Today is Black Friday; Shoppers everywhere will go wild!

(courtesy Dreamstime.com)

FROM WIKIPEDIA COMMONS

Black Friday is a colloquial term for the Friday after Thanksgiving in the United States. It traditionally marks the start of the Christmas shopping season in the United States. Many stores offer highly promoted sales at discounted prices and often open early, sometimes as early as midnight or even on Thanksgiving. Some stores’ sales continue to Monday (“Cyber Monday“) or for a week (“Cyber Week“).

Occurring on the fourth Friday in November unless November 1 is a Friday (in which case it’s the fifth Friday), Black Friday has routinely been the busiest shopping day of the year in the United States since 2005.

THE HISTORY

The day after Thanksgiving has been regarded as the beginning of the United States Christmas shopping season since 1952. The practice may be linked with the idea of Santa Claus parades. Parades celebrating Thanksgiving often include an appearance by Santa at the end of the parade, with the idea that “Santa has arrived” or “Santa is just around the corner” because Christmas is always the next major Christian holiday following Thanksgiving.

In the late 19th and early 20th centuries, many Santa or Thanksgiving parades were sponsored by department stores. These include the continuing Toronto Santa Claus Parade in Canada since 1905, originally sponsored by Eaton’s, and Macy’s Thanksgiving Day Parade held in Manhattan, New York City since 1924, sponsored by Macy’s. Department stores would use the parades to launch a big advertising push. Eventually, it became an unwritten rule that no store would try doing Christmas advertising before the parade was over. Therefore, the day after Thanksgiving became the day when the shopping season officially started.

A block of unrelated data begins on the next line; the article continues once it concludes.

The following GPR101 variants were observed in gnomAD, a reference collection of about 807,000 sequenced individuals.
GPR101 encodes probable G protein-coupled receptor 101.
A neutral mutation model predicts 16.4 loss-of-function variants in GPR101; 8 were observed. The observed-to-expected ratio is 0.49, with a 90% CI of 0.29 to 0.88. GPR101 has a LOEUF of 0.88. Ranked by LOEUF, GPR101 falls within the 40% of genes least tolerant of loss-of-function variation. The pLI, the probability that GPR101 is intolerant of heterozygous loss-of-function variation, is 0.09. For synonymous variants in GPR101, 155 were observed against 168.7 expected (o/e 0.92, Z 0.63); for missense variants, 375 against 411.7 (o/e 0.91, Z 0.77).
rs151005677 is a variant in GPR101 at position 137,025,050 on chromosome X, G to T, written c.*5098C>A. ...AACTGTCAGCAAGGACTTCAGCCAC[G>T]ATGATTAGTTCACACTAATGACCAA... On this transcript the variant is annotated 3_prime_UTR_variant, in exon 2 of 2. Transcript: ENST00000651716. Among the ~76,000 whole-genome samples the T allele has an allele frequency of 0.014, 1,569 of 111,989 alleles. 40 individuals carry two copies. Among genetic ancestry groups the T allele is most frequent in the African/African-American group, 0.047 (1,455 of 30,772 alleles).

Thanksgiving’s relationship to Christmas shopping led to controversy in the 1930s. Retail stores would have liked to have a longer shopping season, but no store wanted to break with tradition and be the one to start advertising before Thanksgiving. For this reason, in 1939, President Franklin D. Roosevelt issued a presidential proclamation proclaiming Thanksgiving to be the fourth Thursday in November rather than the last Thursday, meaning in some years one week earlier, in order to lengthen the Christmas shopping season. Most people adopted the President’s change, which was later reinforced by an act of Congress, but many continued to celebrate Thanksgiving on the traditional date. Some started referring to the new date as Franksgiving.

In 2015, Amazon.com was the first to offer “Black Friday in July” deals on what they called “Prime Day”, promising better deals than on Black Friday. Amazon repeated the practice in 2016 and 2017, and other companies began offering similar deals.

Analyst Marshal Cohen of The NPD Group claimed in 2020 that Black Friday is declining in favor of online shopping, and that the COVID-19 pandemic has accelerated this process. The pandemic also resulted in holiday deals being offered over a longer period of time, even as early as October. Fewer people shopped in person on Black Friday 2020, and most business took place online. Market research company Numerator said sellers of clothing, tools and other items considered nonessential during lockdowns were not promoted as heavily because lower production meant less available to sell. Adobe Analytics reported that online sales reached $9 billion in 2020, 22% more than the previous year. Foot traffic to stores fell 48% in 2020 from last year, according to RetailNext, while Sensormatic Solutions reported a 52% decrease.

Black Friday at a Target store. 2009 photo. By Gridprop at English Wikipedia, Public Domain, https commons.wikimedia.org
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